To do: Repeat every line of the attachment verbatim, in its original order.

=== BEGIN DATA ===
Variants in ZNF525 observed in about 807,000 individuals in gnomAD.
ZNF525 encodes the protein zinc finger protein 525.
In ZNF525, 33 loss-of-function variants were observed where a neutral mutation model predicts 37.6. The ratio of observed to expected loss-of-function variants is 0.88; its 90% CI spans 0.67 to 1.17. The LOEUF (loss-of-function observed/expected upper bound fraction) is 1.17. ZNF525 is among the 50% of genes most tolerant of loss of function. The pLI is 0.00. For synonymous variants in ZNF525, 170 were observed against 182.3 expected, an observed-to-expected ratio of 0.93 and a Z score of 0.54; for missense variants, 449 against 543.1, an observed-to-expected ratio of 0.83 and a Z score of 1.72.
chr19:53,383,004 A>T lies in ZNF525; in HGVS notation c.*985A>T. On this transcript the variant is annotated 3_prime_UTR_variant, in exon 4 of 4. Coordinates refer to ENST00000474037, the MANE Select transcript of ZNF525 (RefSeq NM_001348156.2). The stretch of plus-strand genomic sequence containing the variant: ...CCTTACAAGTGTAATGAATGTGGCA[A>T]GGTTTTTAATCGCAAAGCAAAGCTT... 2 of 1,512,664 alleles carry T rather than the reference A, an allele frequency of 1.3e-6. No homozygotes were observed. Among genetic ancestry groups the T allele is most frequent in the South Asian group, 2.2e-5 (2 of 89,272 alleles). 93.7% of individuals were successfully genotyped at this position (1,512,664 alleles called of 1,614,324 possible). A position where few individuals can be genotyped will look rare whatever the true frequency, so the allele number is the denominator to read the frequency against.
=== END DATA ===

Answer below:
Variants in ZNF525 observed in about 807,000 individuals in gnomAD.
ZNF525 encodes the protein zinc finger protein 525.
In ZNF525, 33 loss-of-function variants were observed where a neutral mutation model predicts 37.6. The ratio of observed to expected loss-of-function variants is 0.88; its 90% CI spans 0.67 to 1.17. The LOEUF (loss-of-function observed/expected upper bound fraction) is 1.17. ZNF525 is among the 50% of genes most tolerant of loss of function. The pLI is 0.00. For synonymous variants in ZNF525, 170 were observed against 182.3 expected, an observed-to-expected ratio of 0.93 and a Z score of 0.54; for missense variants, 449 against 543.1, an observed-to-expected ratio of 0.83 and a Z score of 1.72.
chr19:53,383,004 A>T lies in ZNF525; in HGVS notation c.*985A>T. On this transcript the variant is annotated 3_prime_UTR_variant, in exon 4 of 4. Coordinates refer to ENST00000474037, the MANE Select transcript of ZNF525 (RefSeq NM_001348156.2). The stretch of plus-strand genomic sequence containing the variant: ...CCTTACAAGTGTAATGAATGTGGCA[A>T]GGTTTTTAATCGCAAAGCAAAGCTT... 2 of 1,512,664 alleles carry T rather than the reference A, an allele frequency of 1.3e-6. No homozygotes were observed. Among genetic ancestry groups the T allele is most frequent in the South Asian group, 2.2e-5 (2 of 89,272 alleles). 93.7% of individuals were successfully genotyped at this position (1,512,664 alleles called of 1,614,324 possible). A position where few individuals can be genotyped will look rare whatever the true frequency, so the allele number is the denominator to read the frequency against.